And on the opposite side of the street, imagine someone trying to do a warts-and-all, straightforward biography of say, Martin Luther King or Mother Teresa. Such attempts have been made in books (most notably Christopher Hitchens’ look at the latter), and even those were controversial in the extreme.  Perhaps treating icons on that level like mere mortals, indeed, reducing them to mere regular folk, does something of a disservice to the singular and unique accomplishments of their lives.

Maybe that’s why, as a rule, the best screen bios of real people don’t bite off too much than they can chew in a two-hour movie, or even a four, six, or eight-hour miniseries.  Think of The King’s Speech, The Queen, Frost/Nixon, (or if you want to reach back, Anne of the Thousand Days or The Rose.) Instead of trying to show someone’s (or some family’s) whole life from cradle to grave, the writers and directors choose one seminal moment, one definitive and specific time frame, for our subjects, and use it as an orchestra-playing metaphor for the whole of what they thought and how they lived their lives. The best biographies that did span the decades –Ray, the BBC productions of Elizabeth R or The Six Wives of Henry VIII – moved swiftly and wasted few words.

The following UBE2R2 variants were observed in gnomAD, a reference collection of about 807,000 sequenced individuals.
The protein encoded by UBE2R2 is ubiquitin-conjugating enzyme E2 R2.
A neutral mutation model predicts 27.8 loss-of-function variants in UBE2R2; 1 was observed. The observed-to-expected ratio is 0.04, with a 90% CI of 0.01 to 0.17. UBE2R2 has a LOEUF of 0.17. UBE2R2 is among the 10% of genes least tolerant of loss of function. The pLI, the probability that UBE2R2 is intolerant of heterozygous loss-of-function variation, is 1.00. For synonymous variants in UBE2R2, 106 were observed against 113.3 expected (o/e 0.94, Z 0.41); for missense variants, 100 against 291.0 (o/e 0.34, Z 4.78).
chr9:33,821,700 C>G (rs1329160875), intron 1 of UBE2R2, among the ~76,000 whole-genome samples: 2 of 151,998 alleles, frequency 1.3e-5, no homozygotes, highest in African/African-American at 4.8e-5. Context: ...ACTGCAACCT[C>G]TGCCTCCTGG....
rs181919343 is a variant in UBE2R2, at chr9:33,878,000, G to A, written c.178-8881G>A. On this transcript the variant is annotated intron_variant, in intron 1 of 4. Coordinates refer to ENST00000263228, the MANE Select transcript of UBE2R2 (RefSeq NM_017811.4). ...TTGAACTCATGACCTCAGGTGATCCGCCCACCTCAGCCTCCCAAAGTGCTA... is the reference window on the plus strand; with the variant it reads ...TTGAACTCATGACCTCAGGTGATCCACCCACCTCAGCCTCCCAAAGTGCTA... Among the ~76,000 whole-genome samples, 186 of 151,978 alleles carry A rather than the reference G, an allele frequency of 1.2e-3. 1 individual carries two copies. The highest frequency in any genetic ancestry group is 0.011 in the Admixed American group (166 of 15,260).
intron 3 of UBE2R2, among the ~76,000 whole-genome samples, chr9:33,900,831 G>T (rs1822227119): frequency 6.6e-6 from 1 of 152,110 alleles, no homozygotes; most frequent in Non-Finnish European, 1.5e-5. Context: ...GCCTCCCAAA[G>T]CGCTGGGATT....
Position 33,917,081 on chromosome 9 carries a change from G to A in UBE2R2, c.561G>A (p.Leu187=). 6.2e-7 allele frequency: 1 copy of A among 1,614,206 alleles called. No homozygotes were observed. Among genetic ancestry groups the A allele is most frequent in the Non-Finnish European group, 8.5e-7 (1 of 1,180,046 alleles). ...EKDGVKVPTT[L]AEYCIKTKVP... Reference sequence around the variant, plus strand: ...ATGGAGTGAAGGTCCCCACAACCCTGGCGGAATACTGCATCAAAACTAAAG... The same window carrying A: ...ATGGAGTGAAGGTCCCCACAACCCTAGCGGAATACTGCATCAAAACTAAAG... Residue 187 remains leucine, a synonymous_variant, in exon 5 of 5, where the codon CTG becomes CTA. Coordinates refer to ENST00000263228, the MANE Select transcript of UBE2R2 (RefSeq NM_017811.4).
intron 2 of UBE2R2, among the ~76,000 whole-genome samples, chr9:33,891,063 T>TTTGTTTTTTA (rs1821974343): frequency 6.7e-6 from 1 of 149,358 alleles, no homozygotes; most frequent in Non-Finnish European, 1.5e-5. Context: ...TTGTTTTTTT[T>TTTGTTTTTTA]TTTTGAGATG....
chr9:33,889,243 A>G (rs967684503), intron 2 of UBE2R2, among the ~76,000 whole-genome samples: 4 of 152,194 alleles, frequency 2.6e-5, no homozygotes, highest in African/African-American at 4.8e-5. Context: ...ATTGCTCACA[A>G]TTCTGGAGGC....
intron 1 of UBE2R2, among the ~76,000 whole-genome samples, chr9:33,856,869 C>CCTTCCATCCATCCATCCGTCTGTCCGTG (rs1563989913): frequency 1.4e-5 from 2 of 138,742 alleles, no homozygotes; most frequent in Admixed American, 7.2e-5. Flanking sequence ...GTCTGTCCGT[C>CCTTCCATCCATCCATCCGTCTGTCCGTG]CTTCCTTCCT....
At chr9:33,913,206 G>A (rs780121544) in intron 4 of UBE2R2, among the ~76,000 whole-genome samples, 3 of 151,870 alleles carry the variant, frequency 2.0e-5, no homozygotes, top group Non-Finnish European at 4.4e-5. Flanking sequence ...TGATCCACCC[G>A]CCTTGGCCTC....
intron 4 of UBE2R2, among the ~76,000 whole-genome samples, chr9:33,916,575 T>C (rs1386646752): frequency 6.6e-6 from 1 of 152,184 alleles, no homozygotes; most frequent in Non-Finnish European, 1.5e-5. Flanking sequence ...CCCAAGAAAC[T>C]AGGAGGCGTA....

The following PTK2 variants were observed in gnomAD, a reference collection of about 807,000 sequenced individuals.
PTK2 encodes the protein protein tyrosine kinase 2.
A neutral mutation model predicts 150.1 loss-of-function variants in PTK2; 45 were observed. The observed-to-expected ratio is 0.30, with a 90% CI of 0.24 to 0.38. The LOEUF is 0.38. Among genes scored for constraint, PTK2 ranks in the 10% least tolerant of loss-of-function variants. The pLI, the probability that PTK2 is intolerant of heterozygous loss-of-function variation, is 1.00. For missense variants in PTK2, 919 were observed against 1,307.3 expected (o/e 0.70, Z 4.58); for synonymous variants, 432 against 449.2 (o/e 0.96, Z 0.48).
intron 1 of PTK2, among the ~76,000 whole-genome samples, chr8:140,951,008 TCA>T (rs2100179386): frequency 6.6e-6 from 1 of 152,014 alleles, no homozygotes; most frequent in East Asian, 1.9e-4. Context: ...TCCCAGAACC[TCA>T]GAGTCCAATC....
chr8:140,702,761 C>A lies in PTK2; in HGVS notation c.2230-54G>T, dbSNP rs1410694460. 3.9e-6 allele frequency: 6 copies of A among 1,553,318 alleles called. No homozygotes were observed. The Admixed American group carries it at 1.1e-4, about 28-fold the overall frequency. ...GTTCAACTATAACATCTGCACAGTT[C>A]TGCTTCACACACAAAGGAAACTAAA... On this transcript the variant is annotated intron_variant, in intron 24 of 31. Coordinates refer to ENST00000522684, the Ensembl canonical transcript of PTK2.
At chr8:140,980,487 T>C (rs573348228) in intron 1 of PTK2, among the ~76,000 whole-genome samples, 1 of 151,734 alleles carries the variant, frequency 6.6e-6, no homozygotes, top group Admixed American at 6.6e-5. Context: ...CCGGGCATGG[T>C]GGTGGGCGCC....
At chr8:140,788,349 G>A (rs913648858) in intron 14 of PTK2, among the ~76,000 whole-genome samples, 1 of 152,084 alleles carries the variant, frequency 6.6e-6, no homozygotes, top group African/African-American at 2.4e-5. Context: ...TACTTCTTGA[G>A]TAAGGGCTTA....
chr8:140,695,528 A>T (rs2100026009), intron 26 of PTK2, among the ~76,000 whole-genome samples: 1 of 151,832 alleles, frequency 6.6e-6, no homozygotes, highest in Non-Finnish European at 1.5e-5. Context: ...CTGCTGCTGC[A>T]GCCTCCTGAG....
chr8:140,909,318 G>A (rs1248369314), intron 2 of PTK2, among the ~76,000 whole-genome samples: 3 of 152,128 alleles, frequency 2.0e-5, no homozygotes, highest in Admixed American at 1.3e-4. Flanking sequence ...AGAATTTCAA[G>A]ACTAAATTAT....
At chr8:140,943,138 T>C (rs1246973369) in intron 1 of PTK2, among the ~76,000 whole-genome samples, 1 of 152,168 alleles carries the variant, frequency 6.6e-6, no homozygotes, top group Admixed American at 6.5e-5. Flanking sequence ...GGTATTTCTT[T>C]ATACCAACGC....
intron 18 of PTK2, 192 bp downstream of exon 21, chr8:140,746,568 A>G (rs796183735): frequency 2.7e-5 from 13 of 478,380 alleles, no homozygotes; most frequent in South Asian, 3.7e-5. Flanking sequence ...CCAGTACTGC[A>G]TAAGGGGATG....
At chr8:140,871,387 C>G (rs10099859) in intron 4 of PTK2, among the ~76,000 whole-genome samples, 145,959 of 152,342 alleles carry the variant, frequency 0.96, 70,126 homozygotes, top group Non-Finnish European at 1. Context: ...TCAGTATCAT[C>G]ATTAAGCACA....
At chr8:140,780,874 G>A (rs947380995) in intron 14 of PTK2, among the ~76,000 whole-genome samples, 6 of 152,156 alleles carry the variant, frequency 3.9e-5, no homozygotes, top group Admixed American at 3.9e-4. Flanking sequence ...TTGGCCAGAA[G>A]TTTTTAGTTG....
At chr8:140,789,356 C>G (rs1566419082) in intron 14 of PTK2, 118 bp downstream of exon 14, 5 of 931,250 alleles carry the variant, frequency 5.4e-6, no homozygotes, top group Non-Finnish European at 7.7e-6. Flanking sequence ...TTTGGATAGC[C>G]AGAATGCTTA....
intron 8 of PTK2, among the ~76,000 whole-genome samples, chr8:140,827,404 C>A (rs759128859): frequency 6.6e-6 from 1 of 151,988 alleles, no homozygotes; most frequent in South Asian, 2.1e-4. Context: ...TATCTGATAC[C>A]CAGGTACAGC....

So as I tune in to check out The Kennedys, I’m not expecting to see the truth, nor am I hoping to see the myth.  My real viewing fun will come from watching to see which side will win out in the end.

Kennedy Biopic is Bad, Not Slanted

April 2nd, 2011 at 12:49 pm 4 Comments

It’s doesn’t last a thousand days like the Kennedy Administration. It only feels like it does.

“The Kennedys” miniseries, abruptly dropped by the History Channel amid hints of none too subtle pressure from the namesake family (as reported by FrumForum),  premieres in the U.S. this weekend on ReelzChannel.  This publicity will likely ensure a record audience for the little-known cable-caster, but the story of the miniseries’ disappearance from the History Channel is far more enthralling than the show itself.

This isn’t the exercise in rabid revisionism keepers of the JFK flame had feared and some on the right were hoping for. Ideologically neutral, “The Kennedys” isn’t bad — or slanted — history, per se. It’s simply bad television. By the time the eight-hour presentation wraps up, it’s an open question as to how many viewers will have been able to endure it.

The show’s producers say they modeled its structure on “The Godfather”, a latter-day Greek tragedy masquerading as a crime family saga in which hubris is punished by a series of unthinkable, seemingly unending tragedies.

But they’re overreaching.